( Hypericum perforatum )
Also known as St John’s wort, Hypericum grows in woodlands across Europe, Asia, and the United States, blooming with a profusion of yellow flowers from June to September. The flowers if bruised, bleed a reddish juice. The dark green leaves of the plant are dotted with oil producing pores. According to a ancient healing wisdom, because Hypericum seemed to resemble skin, with its pores and its simulation of bleeding on injury, it was considered ideal for all matter of flesh wounds. In Homeopathy, the remedy it is often prescribed for bodily injuries, among other conditions, but it is selected for the soothing effect it is said to have on injured nerves rather than for any traditional reason. The entire plant is harvested for Homeopathy use in summer, when its yellow flowers are in full bloom. It is pounded to a pulp and soaked in a alcohol solution before being brought to the desired potencies through a vigorous dilution process. Like most Homeopathy prescriptions, Hypericum was developed as a remedy by observation of the reactions of healthy individuals to doses of various strengths. The mental, emotional, and physical changes induced by Hypericum were then cataloged. When a patient exhibits a set of symptoms that matches the cataloged symptoms brought on by Hypericum, the Homeopathic practitioner then prescribes it in a extremely dilute form. It is presumed that in this highly dilute dosage, Hypericum can counter symptoms that are similar to the ones it induces when it is at full strength. Its name Hypericum cames from John the Baptist, the black marks on its leaves are said to be a symbol of his beheading at the insistence of Herod’s daughter, Salome.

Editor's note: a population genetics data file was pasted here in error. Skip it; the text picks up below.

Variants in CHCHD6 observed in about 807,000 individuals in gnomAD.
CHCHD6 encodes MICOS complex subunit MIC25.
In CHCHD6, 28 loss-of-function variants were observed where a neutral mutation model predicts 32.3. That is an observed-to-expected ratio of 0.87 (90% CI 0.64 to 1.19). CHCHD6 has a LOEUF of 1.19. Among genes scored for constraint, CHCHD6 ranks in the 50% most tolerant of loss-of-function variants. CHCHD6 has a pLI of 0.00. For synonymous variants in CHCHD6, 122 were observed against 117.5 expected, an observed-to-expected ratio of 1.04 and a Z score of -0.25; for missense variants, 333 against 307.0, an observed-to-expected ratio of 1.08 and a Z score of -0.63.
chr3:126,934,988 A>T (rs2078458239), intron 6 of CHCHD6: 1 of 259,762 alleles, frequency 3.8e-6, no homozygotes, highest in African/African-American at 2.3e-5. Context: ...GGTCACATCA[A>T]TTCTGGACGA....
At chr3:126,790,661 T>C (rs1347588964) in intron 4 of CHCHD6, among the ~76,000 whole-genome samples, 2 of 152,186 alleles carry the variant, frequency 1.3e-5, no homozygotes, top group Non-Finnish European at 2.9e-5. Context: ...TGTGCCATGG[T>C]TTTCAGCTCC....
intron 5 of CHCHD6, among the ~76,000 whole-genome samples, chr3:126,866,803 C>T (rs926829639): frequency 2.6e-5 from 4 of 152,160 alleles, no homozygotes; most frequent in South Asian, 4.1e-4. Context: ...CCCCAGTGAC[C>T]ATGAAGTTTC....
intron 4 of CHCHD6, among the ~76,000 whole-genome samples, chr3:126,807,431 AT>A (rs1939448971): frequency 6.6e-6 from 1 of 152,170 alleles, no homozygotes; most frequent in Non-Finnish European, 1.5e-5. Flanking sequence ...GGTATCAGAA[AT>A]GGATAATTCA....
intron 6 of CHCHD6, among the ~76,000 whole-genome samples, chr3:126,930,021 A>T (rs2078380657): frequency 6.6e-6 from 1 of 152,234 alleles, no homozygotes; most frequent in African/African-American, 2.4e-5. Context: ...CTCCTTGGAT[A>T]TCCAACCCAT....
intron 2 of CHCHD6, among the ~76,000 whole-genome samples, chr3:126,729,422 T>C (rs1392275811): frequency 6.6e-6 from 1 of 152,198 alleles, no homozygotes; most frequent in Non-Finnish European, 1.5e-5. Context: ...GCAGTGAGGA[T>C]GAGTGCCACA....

Aids with: backaches centered along the lower spine with shooting pains, bites and stings from animals and insects, especially when they become inflamed or include nerve damage, curs and wounds to nerve rich parts of the body, like the fingers, lips, caused by accidents or surgery,depression, head injuries,asthma which worsens,